I guess we should have expected it, really. On May 15 we hiked to Marmari (Μαρμαρι) Beach, a 2 hour round trip on rough, hilly paths (plus half an hour of swimming and beachcombing).
Our reward was nice swimming and the filthiest beach I have ever seen. I don't directly blame anyone.
It seems that certain beaches are just well-positioned to catch every bit of floatsam around, and this is one of them: the litter on the beach was surely not the result of visitors to the beach, as the character of the debris wasn't right: not enough broken liquor bottles, too much stuff that looked like it washed overboard: milk crates, orphaned sandals, broken up plastic bits of just about anything imaginable, what looked like a marine transponder or radio, and so forth.
By comparison, the neighboring beaches of Lia and Grammata have magnitudes less litter on them, and are just as attractive to visitors, if not more so.
We picked up a lot of interesting shells and rocks, and a message in a bottle, seen in the photo above.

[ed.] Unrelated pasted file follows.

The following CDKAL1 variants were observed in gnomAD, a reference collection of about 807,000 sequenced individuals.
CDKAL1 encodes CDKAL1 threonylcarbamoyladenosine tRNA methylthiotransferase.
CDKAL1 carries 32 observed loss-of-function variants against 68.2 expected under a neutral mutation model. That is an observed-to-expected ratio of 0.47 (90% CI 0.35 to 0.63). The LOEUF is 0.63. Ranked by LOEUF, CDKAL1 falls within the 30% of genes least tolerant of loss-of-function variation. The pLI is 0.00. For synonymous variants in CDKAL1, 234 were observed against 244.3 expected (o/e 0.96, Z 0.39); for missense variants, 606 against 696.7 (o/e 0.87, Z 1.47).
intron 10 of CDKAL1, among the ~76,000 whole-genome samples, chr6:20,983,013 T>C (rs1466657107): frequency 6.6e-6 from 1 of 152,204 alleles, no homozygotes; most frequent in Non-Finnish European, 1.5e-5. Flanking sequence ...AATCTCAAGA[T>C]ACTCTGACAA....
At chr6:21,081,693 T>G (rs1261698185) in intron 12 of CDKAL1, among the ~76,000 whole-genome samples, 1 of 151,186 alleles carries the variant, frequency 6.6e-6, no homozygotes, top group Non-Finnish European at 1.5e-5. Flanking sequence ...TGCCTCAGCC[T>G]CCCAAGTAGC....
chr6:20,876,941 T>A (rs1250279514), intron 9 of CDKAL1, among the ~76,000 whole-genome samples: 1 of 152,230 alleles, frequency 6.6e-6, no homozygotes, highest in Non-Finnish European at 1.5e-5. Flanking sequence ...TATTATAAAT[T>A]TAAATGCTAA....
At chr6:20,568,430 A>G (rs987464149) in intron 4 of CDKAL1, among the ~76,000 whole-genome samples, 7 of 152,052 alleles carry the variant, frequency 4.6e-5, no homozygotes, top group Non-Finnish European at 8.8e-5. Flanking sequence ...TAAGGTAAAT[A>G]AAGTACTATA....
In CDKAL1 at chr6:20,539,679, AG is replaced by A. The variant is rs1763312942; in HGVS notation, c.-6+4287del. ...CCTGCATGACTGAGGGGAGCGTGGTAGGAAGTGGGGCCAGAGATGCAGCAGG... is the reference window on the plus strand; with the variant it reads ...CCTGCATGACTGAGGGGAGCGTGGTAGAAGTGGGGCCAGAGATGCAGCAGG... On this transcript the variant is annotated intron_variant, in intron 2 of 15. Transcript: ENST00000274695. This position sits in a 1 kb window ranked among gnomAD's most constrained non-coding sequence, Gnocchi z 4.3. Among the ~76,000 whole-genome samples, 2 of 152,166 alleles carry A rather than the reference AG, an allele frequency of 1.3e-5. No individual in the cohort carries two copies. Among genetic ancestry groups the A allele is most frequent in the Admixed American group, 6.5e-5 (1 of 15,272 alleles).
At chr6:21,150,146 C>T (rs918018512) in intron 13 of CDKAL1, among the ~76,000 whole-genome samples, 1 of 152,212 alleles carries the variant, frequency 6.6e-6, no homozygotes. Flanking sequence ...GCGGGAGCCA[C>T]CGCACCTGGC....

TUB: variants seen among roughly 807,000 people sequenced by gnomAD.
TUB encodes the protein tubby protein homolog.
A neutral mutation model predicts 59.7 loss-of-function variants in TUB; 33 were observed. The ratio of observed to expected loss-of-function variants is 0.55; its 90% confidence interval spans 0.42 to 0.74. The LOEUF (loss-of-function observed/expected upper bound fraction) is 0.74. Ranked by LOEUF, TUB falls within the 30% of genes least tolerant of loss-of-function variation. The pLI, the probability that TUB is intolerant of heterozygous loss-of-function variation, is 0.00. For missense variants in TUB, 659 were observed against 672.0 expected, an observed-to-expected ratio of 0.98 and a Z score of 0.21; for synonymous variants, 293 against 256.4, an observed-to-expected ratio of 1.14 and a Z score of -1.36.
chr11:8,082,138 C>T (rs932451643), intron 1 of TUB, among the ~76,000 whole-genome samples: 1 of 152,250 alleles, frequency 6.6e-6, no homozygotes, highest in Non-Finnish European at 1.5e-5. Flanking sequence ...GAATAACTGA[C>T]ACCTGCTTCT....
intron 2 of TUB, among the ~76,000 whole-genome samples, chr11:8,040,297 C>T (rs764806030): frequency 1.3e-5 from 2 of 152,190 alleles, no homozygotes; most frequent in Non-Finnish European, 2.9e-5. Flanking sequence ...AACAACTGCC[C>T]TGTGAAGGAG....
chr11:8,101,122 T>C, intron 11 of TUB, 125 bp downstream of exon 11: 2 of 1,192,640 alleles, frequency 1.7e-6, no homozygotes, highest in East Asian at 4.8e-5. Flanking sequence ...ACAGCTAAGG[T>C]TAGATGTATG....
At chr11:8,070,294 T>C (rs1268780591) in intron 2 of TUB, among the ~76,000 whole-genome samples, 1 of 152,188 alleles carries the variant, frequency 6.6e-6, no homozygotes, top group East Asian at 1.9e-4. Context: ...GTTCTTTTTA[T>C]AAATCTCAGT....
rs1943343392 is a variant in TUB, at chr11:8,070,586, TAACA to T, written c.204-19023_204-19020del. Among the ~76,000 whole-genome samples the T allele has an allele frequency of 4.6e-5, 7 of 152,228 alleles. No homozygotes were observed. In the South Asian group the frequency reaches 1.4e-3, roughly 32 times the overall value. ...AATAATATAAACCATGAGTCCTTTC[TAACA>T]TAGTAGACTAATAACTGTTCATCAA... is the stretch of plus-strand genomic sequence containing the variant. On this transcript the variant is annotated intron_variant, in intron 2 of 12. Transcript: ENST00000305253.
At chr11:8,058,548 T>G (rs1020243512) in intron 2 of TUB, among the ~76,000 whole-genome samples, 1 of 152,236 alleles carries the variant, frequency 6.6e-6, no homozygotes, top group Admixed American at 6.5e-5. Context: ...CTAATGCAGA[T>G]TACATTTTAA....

We didn't open it until we got home, which was just as well. It was mostly in Greek, dated five days before we retrieved it, and probably didn't travel far, since it indicated the authors were headed to Piraeus (the port of Athens; the most frequented ferry route from Syros).
It was so obscene that after the first sentence, TLO's dad was unwilling to translate it. The gist was a series of insults aimed at the reader, along with the admonition in English at the end that "if you are foreigner do not translate it! We are Greeks."
Astoundingly, the authors of the message (Alexandros and Nikos) left phone numbers. Note I don't say they left their phone numbers, since I feel that would be an unwarranted assumption given the evidence.
So there you go. Our Greek adventures continue apace. Despite the dirty beach and the dirty message in a bottle, the swimming was a treat: the water was clean. The hike was pretty serious, but we had fun.